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Outsourcing to the Post-Soviet Region and Gender

Outsourcing to the Post-Soviet Region and Gender
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Author(s): Elena Gapova (European Humanities University, Belarus)
Copyright: 2006
Pages: 5
Source title: Encyclopedia of Gender and Information Technology
Source Author(s)/Editor(s): Eileen M. Trauth (Pennsylvania State University, USA)
DOI: 10.4018/978-1-59140-815-4.ch150

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Abstract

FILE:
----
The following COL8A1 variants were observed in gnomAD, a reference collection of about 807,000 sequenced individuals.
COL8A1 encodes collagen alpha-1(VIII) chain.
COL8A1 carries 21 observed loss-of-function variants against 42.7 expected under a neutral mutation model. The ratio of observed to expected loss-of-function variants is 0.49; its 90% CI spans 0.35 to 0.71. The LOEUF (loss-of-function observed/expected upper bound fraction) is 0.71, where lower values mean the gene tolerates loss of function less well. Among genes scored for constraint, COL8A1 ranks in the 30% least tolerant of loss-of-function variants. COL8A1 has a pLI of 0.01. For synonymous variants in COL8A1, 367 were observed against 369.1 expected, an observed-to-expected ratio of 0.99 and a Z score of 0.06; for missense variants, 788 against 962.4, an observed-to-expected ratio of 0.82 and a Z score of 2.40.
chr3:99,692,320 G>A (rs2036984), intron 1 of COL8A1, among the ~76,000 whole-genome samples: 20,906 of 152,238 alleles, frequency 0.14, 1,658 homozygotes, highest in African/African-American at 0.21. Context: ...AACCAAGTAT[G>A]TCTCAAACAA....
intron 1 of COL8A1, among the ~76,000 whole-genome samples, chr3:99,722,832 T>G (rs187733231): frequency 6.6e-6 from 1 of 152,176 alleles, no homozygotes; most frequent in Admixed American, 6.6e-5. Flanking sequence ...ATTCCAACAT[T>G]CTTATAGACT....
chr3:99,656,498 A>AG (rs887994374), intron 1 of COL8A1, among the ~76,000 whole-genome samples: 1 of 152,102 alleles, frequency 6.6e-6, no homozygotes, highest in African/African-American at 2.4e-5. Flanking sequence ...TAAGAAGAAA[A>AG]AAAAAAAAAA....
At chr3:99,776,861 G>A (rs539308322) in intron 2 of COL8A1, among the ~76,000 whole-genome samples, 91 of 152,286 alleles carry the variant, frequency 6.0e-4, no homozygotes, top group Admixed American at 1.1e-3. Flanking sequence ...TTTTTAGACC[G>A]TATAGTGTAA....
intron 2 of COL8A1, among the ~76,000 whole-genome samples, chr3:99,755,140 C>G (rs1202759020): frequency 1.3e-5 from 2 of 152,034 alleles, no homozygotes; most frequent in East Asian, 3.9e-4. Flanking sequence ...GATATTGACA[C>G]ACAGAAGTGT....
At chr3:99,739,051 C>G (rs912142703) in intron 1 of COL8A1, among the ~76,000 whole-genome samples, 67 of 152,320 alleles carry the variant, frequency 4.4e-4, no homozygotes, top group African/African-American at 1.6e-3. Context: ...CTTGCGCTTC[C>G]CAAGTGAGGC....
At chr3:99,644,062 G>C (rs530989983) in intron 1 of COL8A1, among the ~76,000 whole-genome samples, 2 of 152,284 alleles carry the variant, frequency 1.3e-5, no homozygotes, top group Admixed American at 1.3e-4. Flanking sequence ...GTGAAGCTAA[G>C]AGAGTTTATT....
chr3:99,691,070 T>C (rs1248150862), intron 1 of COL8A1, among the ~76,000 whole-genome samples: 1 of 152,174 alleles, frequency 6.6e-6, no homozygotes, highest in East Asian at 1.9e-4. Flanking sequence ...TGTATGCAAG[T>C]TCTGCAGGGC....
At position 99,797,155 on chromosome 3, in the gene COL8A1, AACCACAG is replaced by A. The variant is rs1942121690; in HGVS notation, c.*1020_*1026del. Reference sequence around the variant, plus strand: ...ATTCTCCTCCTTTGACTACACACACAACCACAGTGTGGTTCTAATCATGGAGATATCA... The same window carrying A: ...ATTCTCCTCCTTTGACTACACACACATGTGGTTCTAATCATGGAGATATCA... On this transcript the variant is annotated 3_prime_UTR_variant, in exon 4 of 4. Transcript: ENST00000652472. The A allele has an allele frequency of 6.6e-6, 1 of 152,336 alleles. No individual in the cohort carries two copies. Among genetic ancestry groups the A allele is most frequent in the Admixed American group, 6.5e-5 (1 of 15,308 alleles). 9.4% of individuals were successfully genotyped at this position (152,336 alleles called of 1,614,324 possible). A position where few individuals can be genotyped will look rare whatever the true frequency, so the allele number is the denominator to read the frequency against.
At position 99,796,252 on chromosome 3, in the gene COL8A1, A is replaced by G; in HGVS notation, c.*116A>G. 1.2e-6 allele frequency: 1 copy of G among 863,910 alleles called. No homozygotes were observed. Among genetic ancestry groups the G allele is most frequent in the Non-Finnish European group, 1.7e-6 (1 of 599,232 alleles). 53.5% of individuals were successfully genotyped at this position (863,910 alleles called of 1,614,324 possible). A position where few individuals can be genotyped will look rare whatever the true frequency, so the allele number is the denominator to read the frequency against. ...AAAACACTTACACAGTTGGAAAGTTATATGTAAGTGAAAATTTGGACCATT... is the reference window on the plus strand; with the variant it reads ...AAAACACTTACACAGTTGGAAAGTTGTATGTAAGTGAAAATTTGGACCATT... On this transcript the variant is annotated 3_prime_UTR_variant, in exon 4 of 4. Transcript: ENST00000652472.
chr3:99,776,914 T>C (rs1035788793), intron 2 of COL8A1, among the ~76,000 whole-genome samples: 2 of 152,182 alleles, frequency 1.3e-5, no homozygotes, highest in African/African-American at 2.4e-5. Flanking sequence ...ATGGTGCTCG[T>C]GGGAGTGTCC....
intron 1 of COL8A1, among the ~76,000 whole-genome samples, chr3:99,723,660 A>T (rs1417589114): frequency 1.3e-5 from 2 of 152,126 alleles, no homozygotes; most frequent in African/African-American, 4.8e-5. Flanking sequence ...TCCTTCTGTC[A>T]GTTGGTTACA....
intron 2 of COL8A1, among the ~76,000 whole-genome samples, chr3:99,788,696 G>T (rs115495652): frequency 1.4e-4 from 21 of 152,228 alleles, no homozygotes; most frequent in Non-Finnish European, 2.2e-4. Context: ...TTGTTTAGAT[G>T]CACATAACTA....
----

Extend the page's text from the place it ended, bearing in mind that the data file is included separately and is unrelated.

The purpose of this article is to analyze the outsourcing of information technology (IT) jobs to a specific world region as a gendered phenomenon. Appadurai (2001) states that the contemporary globalized world is characterized by objects in motion, and these include ideas, people, goods, images, messages, technologies and techniques, and jobs. These flows are a part of “relations of disjuncture” (Appadurai, 2001, p. 5) created by an uneven economic process in different places of the globe and involving fundamental problems of livelihood, equality or justice. Outsourcing of jobs (to faraway countries) is one of such “disjunctive” relationships. Pay difference between the United States (U.S.) and some world regions created a whole new interest in the world beyond American borders. Looking for strategies to lower costs, employers move further geographically; and with digital projects, due to their special characteristics, distribution across different geographical areas can be extremely effective. First, digital networks allow reliable and real-time transfer of digital files (both work in progress and final products), making it possible to work in geographically separated locations. Second, in the presence of adequate mechanisms for coordination through information exchange, different stages of software production (conceptualization, high-level design and low-level analysis, coding) are also separable across space (Kagami, 2002). In the Western hemisphere, the argument for outsourcing is straightforward and powerful. It is believed that if an Indian, Chinese, Russian or Ukrainian software programmer is paid one-tenth of an American salary, a company that develops software elsewhere will save money. And provided that competitors do the same, the price of the software will fall, productivity will rise, the technology will spread, and new jobs will be created to adapt and improve it. But the argument against outsourcing centers on the loss of jobs by American workers. Although there is no statistics on the number of jobs lost to offshore outsourcing, the media write about the outcry of professionals who several years ago considered themselves invulnerable.

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